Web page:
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The Revolution of Birdie Randolph by Brandy Colbert
Little, Brown Books for Young Readers / Hachette Book Group
Publication Date: August 20, 2019
Chicago teenager Birdie Randolph studies hard and follows her parents’ rules, at least until she meets Booker. Knowing her parents would not approve of his previous run-in with law enforcement, Birdie is soon sneaking out of the house and lying to her parents in order to see him. With a secret boyfriend, and the arrival of a mysterious aunt bearing devastating family secrets, Birdie’s summer promises to be revolutionary.
This is a sweet coming-of-age story featuring a diverse cast of characters, both in terms of race and sexual orientation. Sixteen-year-old Birdie is a compelling and well-developed protagonist, with an engaging group of friends and family members. Her rebellions will seem familiar to many teens, including pushing back against parental authority & experimenting with sex and alcohol. Colbert steadily builds tension throughout the book as readers wait for Birdie to get caught with her boyfriend. The arrival of Birdie’s aunt Carleen also brings with it plenty of family tension, and discussions about the nature of addiction and its consequences. There’s a dramatic ending, where multiple secrets are revealed, and Birdie discovers how to advocate for herself and her future.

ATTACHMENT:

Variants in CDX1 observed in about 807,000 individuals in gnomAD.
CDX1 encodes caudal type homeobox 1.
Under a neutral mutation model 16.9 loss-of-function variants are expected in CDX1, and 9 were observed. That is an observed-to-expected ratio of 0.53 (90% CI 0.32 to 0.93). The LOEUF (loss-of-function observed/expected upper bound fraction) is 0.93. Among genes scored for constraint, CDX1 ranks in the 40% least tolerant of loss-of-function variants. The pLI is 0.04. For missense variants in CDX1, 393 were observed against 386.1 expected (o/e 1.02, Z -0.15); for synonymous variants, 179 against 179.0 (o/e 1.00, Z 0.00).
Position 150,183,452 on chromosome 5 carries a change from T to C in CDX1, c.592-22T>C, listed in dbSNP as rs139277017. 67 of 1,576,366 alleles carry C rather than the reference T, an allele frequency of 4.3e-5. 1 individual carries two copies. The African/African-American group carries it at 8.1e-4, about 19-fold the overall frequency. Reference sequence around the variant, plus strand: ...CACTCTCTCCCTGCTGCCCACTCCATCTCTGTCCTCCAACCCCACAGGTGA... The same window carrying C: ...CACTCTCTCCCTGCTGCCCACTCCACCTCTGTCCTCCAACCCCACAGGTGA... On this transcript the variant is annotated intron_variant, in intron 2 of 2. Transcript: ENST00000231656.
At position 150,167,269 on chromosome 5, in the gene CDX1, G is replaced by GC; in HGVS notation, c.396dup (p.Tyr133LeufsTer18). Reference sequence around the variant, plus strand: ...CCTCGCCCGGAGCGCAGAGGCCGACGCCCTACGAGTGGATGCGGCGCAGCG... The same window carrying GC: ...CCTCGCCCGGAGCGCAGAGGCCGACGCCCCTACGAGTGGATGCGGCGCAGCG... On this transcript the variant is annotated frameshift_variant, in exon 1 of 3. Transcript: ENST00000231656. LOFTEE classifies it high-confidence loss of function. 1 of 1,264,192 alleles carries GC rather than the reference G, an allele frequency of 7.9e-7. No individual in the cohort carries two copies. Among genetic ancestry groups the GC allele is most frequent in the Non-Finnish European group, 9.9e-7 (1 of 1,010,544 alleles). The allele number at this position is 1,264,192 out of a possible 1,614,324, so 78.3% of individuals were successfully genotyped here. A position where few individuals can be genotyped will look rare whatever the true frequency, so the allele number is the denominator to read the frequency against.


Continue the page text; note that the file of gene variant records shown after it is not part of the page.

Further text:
Readers who enjoy stories of teenagers struggling against parental expectations, such as I Am Not Your Perfect Mexican Daughter by Erika L. Sanchez (2017), or American Panda by Gloria Chao (2018) will appreciate Birdie’s tale.
–Kathleen J. Barker
Roam by C.H. Armstrong
Central Avenue Publishing
Publication Date: February 5th, 2019
Abby’s family has nothing left for them in Omaha. They pick up and move to Rochester, leaving behind the bad situation, but is being homeless in a new town any better? Abby manages to hide the fact that she is living with her family in a van as she builds new friendships and starts dating the star of the football team, but not having a home is difficult to say the least, and if she is discovered, will her new friends abandon her?
This book grabs a reader right away with Abby’s family starting over in a new town, where they have nowhere to live, but is still better than where they were. Abby’s new friendships and the sweet love story build as parts of her past are revealed. Filled with typical YA romance tropes, but set in an uncompromising look at the real problem of homelessnes, make this a compelling read for reluctant readers.
Readers of YA romance will love the teen angst romance in this book. Those who liked Sleeping in My Jeans by Connie King Leonard will find another exploration of the realities of transitional homelessness in Roam.
— Cathy Outten currently reading When the Ground is Hard
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